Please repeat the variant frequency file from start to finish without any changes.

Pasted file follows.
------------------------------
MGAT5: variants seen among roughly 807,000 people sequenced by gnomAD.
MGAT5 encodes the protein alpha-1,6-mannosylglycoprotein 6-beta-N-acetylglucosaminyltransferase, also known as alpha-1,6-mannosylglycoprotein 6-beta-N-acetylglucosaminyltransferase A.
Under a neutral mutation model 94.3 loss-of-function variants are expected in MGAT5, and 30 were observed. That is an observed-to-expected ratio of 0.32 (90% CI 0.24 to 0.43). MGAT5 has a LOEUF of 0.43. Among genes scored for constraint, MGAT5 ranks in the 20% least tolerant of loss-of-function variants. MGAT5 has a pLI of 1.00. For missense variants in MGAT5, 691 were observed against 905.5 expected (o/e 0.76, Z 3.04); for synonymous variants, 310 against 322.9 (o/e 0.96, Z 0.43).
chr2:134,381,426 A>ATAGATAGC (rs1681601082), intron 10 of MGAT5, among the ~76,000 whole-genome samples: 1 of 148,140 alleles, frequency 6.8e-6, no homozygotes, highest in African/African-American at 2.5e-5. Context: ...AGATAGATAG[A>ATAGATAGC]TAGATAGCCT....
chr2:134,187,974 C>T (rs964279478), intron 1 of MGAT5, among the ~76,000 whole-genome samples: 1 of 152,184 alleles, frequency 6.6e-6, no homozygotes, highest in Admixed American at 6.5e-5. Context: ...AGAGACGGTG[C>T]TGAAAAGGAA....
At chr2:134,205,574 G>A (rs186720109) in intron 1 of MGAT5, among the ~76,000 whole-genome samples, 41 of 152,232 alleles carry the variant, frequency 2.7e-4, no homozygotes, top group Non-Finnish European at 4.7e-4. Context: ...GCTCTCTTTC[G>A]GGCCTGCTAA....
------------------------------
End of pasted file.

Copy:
MGAT5: variants seen among roughly 807,000 people sequenced by gnomAD.
MGAT5 encodes the protein alpha-1,6-mannosylglycoprotein 6-beta-N-acetylglucosaminyltransferase, also known as alpha-1,6-mannosylglycoprotein 6-beta-N-acetylglucosaminyltransferase A.
Under a neutral mutation model 94.3 loss-of-function variants are expected in MGAT5, and 30 were observed. That is an observed-to-expected ratio of 0.32 (90% CI 0.24 to 0.43). MGAT5 has a LOEUF of 0.43. Among genes scored for constraint, MGAT5 ranks in the 20% least tolerant of loss-of-function variants. MGAT5 has a pLI of 1.00. For missense variants in MGAT5, 691 were observed against 905.5 expected (o/e 0.76, Z 3.04); for synonymous variants, 310 against 322.9 (o/e 0.96, Z 0.43).
chr2:134,381,426 A>ATAGATAGC (rs1681601082), intron 10 of MGAT5, among the ~76,000 whole-genome samples: 1 of 148,140 alleles, frequency 6.8e-6, no homozygotes, highest in African/African-American at 2.5e-5. Context: ...AGATAGATAG[A>ATAGATAGC]TAGATAGCCT....
chr2:134,187,974 C>T (rs964279478), intron 1 of MGAT5, among the ~76,000 whole-genome samples: 1 of 152,184 alleles, frequency 6.6e-6, no homozygotes, highest in Admixed American at 6.5e-5. Context: ...AGAGACGGTG[C>T]TGAAAAGGAA....
At chr2:134,205,574 G>A (rs186720109) in intron 1 of MGAT5, among the ~76,000 whole-genome samples, 41 of 152,232 alleles carry the variant, frequency 2.7e-4, no homozygotes, top group Non-Finnish European at 4.7e-4. Context: ...GCTCTCTTTC[G>A]GGCCTGCTAA....